Buried as an option under the Options button are a number of choices for compression, ranging from a sliding bar for image quality to a choice of frames per second to a throttle on the data rate (useful, in particular, if you want your clip to play on older, slower machines). A variety of compression schemes are also available; experimenting with all these options will easily occupy an afternoon, even for short clips.

Oops

Pleased with this success, I then tried another sequence of images. While the first set of photos were taken in landscape orientation, the second sequence was taken in portrait orientation. When these photos were sucked into QuickTime, I ended up with a very nice little clip -- but rotated 90 degrees. If you were living in Brazil, a quarter way around the world, it probably would have looked fine.

Movie settings

The Options button allows you to set up your movie clip for streaming across the Internet. If you don't have a true QuickTime Streaming server, Hinted Streaming won't do you any good, but the Fast Start and Fast Start-Compressed Header options allow your clip to start playing while it is still being downloaded.

Inspired by this mistake, I then tried importing the same images, but at too high a frame rate. This resulted in a nice clip, still rotated 90 degrees, of waves banging back and forth at high speed. I think of it as the "Wave Pool seen from Brazil, after too much coffee."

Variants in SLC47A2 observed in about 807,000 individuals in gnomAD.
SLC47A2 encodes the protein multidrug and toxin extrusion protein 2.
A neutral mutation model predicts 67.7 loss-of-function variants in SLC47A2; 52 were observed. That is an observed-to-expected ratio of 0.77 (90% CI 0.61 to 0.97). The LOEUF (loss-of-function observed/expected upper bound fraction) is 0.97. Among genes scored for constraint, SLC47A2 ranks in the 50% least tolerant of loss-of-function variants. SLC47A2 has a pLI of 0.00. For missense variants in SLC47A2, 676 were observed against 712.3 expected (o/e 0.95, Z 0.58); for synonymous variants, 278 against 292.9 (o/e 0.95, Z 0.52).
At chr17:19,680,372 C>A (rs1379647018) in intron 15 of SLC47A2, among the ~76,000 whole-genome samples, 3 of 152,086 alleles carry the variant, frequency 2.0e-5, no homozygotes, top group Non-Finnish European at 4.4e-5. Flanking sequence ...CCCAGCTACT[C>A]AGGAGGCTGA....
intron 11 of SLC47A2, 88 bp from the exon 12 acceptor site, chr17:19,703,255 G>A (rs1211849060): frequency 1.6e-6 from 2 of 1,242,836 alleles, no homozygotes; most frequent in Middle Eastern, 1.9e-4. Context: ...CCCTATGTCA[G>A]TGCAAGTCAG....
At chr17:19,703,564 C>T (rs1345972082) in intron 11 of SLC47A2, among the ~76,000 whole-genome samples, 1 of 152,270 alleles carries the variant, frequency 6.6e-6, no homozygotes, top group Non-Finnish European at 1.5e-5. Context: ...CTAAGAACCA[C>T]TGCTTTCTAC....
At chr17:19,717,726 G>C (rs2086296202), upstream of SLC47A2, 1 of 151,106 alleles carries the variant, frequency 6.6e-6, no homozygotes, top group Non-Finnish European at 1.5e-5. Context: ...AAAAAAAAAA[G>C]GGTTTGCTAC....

Documentation? What Documentation?

Some time later, I learned that it is easy -- very easy -- to correct the orientation of my "Brazil" clips. I might have stumbled on the secret myself, but instead I stumbled on something else: documentation for QuickTime Pro.

Streaming options

One of the last things you should do as you export your movie to disk is: select a streaming option. If you are saving a clip for use on the Web, there are lots of options for high-speed, medium, and low-speed connections, "tweaked" for different material, such as music or voice, mono or stereo. There are also several options for saving clips for use on CD-ROM. The most "compatible" option would be "1X CD-ROM (Cinepak video)", since this would allow the clip to be played on older, slower CD-ROM drives using older versions of QuickTime. "Streaming 40kbps - Music (stereo)", in contrast, would produce a clip optimized for computers with stereo sound and high-speed Internet connections.

Apple provides no documentation at all: they'll let you upgrade to QuickTime Pro for $29.99, but this price doesn't include any additional clues on how to use the software. But Judith Stern and Robert Lettieri have stepped into the gap with their excellent Visual Quickstart Guide: QuickTime Pro 4. Very well written and with an excellent index, I learned all kinds of new tricks, such as --

Come to think of it, these new tricks would best be covered in another installment. In the meantime, go out and get the Visual Quickstart Guide: QuickTime Pro, and upgrade your copy of QuickTime to QuickTime Pro 4. (And if you don't have a Power Macintosh, pick up an iMac, or iBook, or PowerBook, or Power Mac G4).

Resources

Judith Stern and Robert Lettieri, Visual Quickstart Guide: QuickTime Pro 4. Peachpit Press, 1999. xxiv, 359 pp. $17.99. ISBN 0-201-35469-1

http://www.peachpit.com

QuickTime Pro 4

http://www.apple.com/quicktime/upgrade/


Return to electric pi

Revised July 1, 2000 Lawrence I. Charters
Washington Apple Pi
URL: http://www.wap.org/journal/